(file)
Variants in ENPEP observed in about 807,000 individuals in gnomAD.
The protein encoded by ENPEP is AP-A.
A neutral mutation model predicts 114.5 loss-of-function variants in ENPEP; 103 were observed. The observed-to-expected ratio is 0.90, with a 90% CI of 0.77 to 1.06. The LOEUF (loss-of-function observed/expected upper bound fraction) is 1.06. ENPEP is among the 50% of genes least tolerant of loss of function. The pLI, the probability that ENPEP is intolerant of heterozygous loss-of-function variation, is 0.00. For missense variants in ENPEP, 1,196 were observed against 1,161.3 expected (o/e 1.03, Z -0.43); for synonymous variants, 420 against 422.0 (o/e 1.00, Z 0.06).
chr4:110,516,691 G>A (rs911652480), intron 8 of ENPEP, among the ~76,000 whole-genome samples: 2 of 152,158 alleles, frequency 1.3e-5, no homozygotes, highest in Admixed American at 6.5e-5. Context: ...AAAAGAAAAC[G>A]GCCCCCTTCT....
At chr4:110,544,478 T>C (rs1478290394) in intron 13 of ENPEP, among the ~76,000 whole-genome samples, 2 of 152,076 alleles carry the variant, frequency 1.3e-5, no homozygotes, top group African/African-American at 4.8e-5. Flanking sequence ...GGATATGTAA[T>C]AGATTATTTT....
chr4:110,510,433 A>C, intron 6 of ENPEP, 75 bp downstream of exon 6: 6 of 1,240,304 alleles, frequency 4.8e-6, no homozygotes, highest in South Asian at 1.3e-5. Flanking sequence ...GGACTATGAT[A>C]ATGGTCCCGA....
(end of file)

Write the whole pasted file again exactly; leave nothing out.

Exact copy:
Variants in ENPEP observed in about 807,000 individuals in gnomAD.
The protein encoded by ENPEP is AP-A.
A neutral mutation model predicts 114.5 loss-of-function variants in ENPEP; 103 were observed. The observed-to-expected ratio is 0.90, with a 90% CI of 0.77 to 1.06. The LOEUF (loss-of-function observed/expected upper bound fraction) is 1.06. ENPEP is among the 50% of genes least tolerant of loss of function. The pLI, the probability that ENPEP is intolerant of heterozygous loss-of-function variation, is 0.00. For missense variants in ENPEP, 1,196 were observed against 1,161.3 expected (o/e 1.03, Z -0.43); for synonymous variants, 420 against 422.0 (o/e 1.00, Z 0.06).
chr4:110,516,691 G>A (rs911652480), intron 8 of ENPEP, among the ~76,000 whole-genome samples: 2 of 152,158 alleles, frequency 1.3e-5, no homozygotes, highest in Admixed American at 6.5e-5. Context: ...AAAAGAAAAC[G>A]GCCCCCTTCT....
At chr4:110,544,478 T>C (rs1478290394) in intron 13 of ENPEP, among the ~76,000 whole-genome samples, 2 of 152,076 alleles carry the variant, frequency 1.3e-5, no homozygotes, top group African/African-American at 4.8e-5. Flanking sequence ...GGATATGTAA[T>C]AGATTATTTT....
chr4:110,510,433 A>C, intron 6 of ENPEP, 75 bp downstream of exon 6: 6 of 1,240,304 alleles, frequency 4.8e-6, no homozygotes, highest in South Asian at 1.3e-5. Flanking sequence ...GGACTATGAT[A>C]ATGGTCCCGA....